The U.S. economy gained 134,000 jobs in September, and unemployment was down slightly to 3.7%, according to figures released this morning by the U.S. Bureau of Labor Statistics. Continued slow wage growth means the Federal Reserve's Open Market Committee is premature in raising interest rates.
In response to the September job numbers, AFL-CIO Chief Economist William Spriggs tweeted:
Labor force participation stayed flat at 62.7% (same as August) as wage gains remained modest at only 2.8% over last September. Slow wage growth, despite recent boosts in output, means higher productivity growth and falling unit labor costs. So much for the tax cuts. @AFLCIO pic.twitter.com/xavQ8QWRni— William E. Spriggs (@WSpriggs) October 5, 2018
Continued slow wage growth, only 2.8% over the year, means the @federalreserve is being premature in increasing interest rates. The productivity gains of the last two quarters are once again going to the bosses not the workers. Falling labor share increases inequality. @AFLCIO— William E. Spriggs (@WSpriggs) October 5, 2018
Employment gains were in higher wage industries, manufacturing leading the way, while jobs losses were in lower wage in retail trade, leisure and hospitality and other services. This makes slow wage growth difficult to explain. @AFLCIO pic.twitter.com/QnFdpZYlvV— William E. Spriggs (@WSpriggs) October 5, 2018
While the official unemployment rate fell to 3.7% the broader measure of labor market slack (U-6) including part-timers seeking full-time work and discouraged workers ticked up a tiny bit from 7.4 to 7.5% because of part-timers seeking full-time work @AFLCIO pic.twitter.com/dqdk1uXRsB— William E. Spriggs (@WSpriggs) October 5, 2018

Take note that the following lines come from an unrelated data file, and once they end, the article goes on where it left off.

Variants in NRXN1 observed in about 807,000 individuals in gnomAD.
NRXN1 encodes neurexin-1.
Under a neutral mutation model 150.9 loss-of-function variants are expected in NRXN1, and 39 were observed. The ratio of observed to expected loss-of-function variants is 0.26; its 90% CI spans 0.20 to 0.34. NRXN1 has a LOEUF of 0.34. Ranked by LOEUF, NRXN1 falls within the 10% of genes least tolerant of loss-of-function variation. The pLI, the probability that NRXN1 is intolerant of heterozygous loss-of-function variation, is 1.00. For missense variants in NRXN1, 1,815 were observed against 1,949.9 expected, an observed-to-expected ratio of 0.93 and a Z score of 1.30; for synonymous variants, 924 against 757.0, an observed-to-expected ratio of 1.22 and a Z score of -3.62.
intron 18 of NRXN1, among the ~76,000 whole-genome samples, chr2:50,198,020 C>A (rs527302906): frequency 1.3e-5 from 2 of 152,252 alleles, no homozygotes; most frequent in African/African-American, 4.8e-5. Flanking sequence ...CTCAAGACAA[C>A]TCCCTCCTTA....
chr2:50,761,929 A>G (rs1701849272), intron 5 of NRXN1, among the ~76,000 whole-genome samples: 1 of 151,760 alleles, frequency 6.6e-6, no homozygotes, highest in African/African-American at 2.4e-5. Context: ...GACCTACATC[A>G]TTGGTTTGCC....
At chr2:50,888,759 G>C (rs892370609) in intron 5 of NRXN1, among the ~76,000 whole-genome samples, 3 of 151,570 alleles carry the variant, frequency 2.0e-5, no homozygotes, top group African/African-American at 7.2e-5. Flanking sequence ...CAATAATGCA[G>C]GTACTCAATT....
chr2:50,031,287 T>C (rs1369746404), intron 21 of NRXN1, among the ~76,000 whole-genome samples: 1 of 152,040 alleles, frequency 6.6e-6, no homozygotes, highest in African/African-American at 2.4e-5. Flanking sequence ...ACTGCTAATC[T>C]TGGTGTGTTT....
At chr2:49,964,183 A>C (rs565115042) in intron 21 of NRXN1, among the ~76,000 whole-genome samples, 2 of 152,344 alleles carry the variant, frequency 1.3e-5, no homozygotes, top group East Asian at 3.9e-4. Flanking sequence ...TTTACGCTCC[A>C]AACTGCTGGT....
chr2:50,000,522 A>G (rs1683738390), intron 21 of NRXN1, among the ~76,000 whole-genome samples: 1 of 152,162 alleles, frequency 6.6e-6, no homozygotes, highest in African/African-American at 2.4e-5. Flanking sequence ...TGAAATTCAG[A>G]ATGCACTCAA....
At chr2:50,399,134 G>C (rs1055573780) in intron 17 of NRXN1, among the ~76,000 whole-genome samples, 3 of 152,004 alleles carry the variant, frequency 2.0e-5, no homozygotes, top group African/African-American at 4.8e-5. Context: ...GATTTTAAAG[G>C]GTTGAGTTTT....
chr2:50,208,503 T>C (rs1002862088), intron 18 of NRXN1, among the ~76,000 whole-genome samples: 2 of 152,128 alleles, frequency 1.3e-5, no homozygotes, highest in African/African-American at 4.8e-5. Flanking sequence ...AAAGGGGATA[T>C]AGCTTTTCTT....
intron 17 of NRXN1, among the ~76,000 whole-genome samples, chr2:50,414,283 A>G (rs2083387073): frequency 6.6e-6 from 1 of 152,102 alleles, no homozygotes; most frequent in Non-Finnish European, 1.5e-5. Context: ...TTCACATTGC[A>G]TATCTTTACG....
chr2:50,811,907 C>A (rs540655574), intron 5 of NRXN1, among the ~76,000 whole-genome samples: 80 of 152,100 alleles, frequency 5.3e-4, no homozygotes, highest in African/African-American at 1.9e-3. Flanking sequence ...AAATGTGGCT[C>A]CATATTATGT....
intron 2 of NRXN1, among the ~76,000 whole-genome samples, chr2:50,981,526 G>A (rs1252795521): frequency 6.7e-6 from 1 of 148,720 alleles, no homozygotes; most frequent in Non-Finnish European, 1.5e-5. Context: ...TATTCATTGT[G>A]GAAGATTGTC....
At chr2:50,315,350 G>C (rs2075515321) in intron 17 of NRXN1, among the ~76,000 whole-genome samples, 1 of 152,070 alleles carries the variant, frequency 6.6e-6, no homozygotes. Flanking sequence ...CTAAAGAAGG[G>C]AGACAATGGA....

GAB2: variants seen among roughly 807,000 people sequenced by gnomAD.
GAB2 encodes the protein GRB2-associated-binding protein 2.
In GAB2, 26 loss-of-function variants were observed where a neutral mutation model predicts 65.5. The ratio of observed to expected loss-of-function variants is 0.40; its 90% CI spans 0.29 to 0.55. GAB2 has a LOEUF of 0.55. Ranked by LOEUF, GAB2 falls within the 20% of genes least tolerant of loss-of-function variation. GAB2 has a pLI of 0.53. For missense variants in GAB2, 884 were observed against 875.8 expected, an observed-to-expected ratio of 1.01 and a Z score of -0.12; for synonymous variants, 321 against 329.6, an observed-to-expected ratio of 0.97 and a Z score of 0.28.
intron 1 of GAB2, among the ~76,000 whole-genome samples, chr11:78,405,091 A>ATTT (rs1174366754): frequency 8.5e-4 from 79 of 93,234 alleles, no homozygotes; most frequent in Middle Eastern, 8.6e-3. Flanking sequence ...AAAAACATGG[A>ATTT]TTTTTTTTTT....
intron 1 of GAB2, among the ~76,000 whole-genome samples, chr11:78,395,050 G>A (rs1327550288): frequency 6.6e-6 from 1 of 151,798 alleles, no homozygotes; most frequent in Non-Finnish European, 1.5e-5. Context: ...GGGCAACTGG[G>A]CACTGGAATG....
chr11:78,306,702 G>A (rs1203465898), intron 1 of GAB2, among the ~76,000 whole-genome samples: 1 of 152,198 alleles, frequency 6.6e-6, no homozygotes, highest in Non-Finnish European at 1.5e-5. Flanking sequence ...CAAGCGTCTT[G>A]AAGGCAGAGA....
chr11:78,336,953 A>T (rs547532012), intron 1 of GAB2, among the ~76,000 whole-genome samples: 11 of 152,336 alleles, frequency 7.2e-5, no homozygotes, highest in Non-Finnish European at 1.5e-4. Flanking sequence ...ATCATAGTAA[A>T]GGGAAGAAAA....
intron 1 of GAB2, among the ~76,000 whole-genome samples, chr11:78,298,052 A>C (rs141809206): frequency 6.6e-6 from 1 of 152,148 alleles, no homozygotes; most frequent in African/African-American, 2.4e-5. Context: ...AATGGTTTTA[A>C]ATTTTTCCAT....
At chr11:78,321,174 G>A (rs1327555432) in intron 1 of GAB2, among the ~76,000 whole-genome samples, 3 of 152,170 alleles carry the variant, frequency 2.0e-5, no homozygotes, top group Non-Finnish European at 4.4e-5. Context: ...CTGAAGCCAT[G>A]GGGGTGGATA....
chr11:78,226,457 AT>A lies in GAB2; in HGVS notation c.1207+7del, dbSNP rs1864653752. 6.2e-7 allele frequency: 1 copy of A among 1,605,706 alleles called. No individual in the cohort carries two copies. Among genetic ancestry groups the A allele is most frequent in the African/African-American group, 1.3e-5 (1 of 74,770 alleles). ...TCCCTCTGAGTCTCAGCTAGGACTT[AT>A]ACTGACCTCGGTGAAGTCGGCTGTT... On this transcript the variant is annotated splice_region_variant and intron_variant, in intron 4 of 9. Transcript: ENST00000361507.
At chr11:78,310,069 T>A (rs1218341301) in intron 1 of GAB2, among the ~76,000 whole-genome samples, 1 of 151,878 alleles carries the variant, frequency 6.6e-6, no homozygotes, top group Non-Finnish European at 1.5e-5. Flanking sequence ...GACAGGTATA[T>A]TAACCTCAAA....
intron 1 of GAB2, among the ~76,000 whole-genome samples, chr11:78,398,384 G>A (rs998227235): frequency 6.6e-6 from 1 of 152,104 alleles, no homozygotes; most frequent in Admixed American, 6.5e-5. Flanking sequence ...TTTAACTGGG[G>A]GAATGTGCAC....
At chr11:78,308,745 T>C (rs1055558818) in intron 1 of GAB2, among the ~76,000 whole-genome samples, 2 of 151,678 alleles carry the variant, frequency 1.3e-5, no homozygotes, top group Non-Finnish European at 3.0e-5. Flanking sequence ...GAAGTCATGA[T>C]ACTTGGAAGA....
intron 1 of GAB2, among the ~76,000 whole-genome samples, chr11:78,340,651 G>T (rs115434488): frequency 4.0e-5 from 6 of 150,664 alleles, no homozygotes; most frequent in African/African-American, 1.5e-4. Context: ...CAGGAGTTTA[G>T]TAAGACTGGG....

Little discussed, low-wage growth has not slowed labor force participation growth for Latinos, the employment-to-population rate for Latinos is higher than for whites. This alsoreflects differences in the age profile of the younger Latino population compared to whites. @AFLCIO pic.twitter.com/E4RJuaVfDQ— William E. Spriggs (@WSpriggs) October 5, 2018
In NOT a good sign, the share of unemployed workers that have been looking over 26 weeks has been rising. #JobsReport @AFLCIO combined with the increase in part-timers seeking full-time work, 3.7% unemployment is not so rosy. pic.twitter.com/GjBvrWkFHV— William E. Spriggs (@WSpriggs) October 5, 2018
Another, it is NOT good, despite continued economic growth, public investment continues to lag. The loss of local government jobs, including in education, is a bad sign for long term economic growth. @AFLCIO @OECDeconomy @AFTunion @AFSCME #JobsReport pic.twitter.com/gtZzZAi97H— William E. Spriggs (@WSpriggs) October 5, 2018
The drop in September of Local Government Employment, slows the recovery of public investment. This makes people less well off--fewer public services at the level where the delivery is felt. #JobsReport @AFTunion @AFSCME @AFLCIO pic.twitter.com/Q5YQPKvQ1p— William E. Spriggs (@WSpriggs) October 5, 2018
Last month's biggest job gains were in professional and business services (54,000), health care (26,000), transportation and warehousing (24,000), construction (23,000), manufacturing (18,000) and mining (6,000). Employment in leisure and hospitality declined over the month (-17,000). Employment showed little or no change over the month in other major industries, including wholesale trade, retail trade, information, financial activities and government.
Among the major worker groups, the unemployment rate for adult women (3.3%) and blacks (6.0%) declined, while the rate for Asians (3.5%) increased. The jobless rates for teenagers (12.8%), Hispanics (4.5%), adult men (3.4%) and whites (3.3%) showed little or no change in September.
The number of long-term unemployed (those jobless for 27 weeks or more) was essentially unchanged in September and accounted for 22.9% of the unemployed.